National parks are created in areas of specific outstanding natural value, in order to preserve the biodiversity, resources, formations and elements of inanimate nature and landscape values, to restore the proper state of the resources and natural elements and reconstruct any distorted natural habitats and also the habitats of plants, animals or fungi. The main objective of a national park is the conservation of nature which includes the protection of the environment and the specific characteristics of the landscape of each region within its territory in accordance with the "Laws for the Protection of Nature" which can be characterised by specific natural, scientific, social, cultural and educational qualities. It must also meet its territorial requirements, namely its area should not be less than 1000 hectares and the whole region must be protected. National Parks can only be visited with a guide and along carefully designated trails. These tours are usually paid.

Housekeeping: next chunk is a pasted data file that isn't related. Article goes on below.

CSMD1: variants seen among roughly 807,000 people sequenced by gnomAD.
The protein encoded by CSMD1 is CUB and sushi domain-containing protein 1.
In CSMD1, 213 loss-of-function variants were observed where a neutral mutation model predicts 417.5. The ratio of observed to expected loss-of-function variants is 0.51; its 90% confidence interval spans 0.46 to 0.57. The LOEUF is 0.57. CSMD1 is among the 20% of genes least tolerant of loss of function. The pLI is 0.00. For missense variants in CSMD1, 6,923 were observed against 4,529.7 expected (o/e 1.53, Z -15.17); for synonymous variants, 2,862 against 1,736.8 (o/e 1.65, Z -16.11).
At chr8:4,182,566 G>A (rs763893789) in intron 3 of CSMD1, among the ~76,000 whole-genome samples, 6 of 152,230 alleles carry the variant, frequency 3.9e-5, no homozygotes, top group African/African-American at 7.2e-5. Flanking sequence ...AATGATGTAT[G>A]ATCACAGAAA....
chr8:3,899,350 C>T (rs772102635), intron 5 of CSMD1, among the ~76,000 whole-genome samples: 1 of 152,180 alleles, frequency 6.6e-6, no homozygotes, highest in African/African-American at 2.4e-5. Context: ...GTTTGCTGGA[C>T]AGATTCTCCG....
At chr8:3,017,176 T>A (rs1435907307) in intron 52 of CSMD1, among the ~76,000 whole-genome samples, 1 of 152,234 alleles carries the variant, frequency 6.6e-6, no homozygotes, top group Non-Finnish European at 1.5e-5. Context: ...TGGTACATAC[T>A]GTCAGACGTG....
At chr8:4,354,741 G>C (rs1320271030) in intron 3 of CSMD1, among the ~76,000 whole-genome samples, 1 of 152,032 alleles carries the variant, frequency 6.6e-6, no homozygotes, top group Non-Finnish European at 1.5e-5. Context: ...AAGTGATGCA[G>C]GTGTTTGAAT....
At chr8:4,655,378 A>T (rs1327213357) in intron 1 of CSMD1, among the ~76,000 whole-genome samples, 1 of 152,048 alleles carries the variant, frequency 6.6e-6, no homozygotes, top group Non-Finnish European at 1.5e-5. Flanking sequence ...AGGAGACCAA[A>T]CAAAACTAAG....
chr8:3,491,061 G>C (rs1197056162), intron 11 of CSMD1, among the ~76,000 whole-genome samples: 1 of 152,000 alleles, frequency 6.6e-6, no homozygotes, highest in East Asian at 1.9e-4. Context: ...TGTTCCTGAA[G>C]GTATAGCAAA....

A national park is usually created for three reasons, to preserve areas which have not yet been destroyed, to improve the existing environment and to restore damaged habitats. Thus, this protection does not just relate to flora and fauna but also inanimate elements like interesting rock formations, caves, water reservoirs or their sources.
Each park has its own board of executives which is headed by a director, who manages the park with the participation and support of the Park Council. After the war, the Polish national parks were subject to the National Board of the National Parks but in 2004, as a result of new regulatory overseeing responsibilities, their running was taken over by the Department of Forestry and Conservation of Nature and Landscapes, part of Ministry of the Environment, which in turn was replaced by the Independent Department of Natura 2000 Areas and National Parks in 2007. Since 2008, the National Parks fall under the jurisdiction of the Department of Nature Conservation at the Ministry of the Environment. National Parks are funded from the central budget as they are the source of a number of studies and are implemented in educational programmes. National Parks are one of the most interesting locations that can fascinate with their rich vegetation, different from younger vegetation occurring elsewhere or amaze with the variety of their rock formations. The most famous Polish national parks are, of course, the Bialowieza National Park because of its colony bison and the Tatra National Park, with its beautiful mountain ponds and the highest Polish mountains.